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# The global cubes algorithm by Immel et al: Is it a particularization of discrete ordinates?

## The global cubes algorithm by Immel et al: Is it a particularization of discrete ordinates?

(OP)
There are situations where the overlap of knowledge and research between radiative heat transfer and radiosity confuses me. While radiosity (a computer graphics technique) was developed using radiative heat transfer as its base ground (acknowledged fact by the early/pioneering radiosity researchers), however there are times where I don't understand if they forgot to cite some heat transfer papers, or if actually they are talking about a different thing.

One such example is non-diffuse reflection. For example, in "A Radiosity Method for Non-Diffuse Environments" by Immel, Cohen, Greenberg, they propose using "global cubes" which basically discretize directions for the solid angles of each cell in each cube. This really sounds to me like the discrete ordinates method, but however in their paper they don't cite Chandrasekhar nor mention discrete ordinates at all. Am I missing something, or maybe they developed their algorithm without knowing the existence of discrete ordinates?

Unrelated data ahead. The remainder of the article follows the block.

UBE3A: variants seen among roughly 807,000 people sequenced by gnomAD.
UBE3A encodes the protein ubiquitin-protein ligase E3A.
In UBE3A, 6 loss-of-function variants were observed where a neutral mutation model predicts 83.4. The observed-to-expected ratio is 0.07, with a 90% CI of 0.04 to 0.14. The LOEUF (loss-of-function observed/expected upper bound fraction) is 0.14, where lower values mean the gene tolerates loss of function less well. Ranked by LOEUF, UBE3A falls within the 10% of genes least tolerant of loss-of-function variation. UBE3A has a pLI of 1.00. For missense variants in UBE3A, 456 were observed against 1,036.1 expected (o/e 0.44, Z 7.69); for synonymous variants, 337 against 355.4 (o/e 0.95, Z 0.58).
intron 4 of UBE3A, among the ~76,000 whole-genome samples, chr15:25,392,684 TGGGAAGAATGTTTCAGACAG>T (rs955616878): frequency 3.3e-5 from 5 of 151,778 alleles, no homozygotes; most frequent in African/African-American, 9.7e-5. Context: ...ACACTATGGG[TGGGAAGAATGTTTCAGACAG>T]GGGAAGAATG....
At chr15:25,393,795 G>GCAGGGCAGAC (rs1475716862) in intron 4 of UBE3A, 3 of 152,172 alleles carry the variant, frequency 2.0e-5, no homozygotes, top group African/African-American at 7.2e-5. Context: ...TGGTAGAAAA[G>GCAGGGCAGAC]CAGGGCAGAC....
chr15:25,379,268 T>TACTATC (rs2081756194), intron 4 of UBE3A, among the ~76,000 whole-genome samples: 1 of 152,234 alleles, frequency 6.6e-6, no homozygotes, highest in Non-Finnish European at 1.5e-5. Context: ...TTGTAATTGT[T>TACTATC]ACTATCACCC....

What's more, you can read a further development of the "global cubes" algorithm, using spherical harmonics to avoid aliasing artifacts due to the discretization of directions, this time in the paper "A global illumination solution for general reflectance distributions" by Sillion, Arvo, Westin, Greenberg, and they don't mention the discrete ordinates method either.

Am I right in concluding that they are talking basically about ways of applying the discrete ordinates method, but that for some reason they didn't know of its existence? Or am I missing some detail which makes their approach totally different?

### RE: The global cubes algorithm by Immel et al: Is it a particularization of discrete ordinates?

I would start by contacting Prof. Donald P. Greenberg at Cornell University. No one besides the paper authors can help you discover what the authors were thinking.

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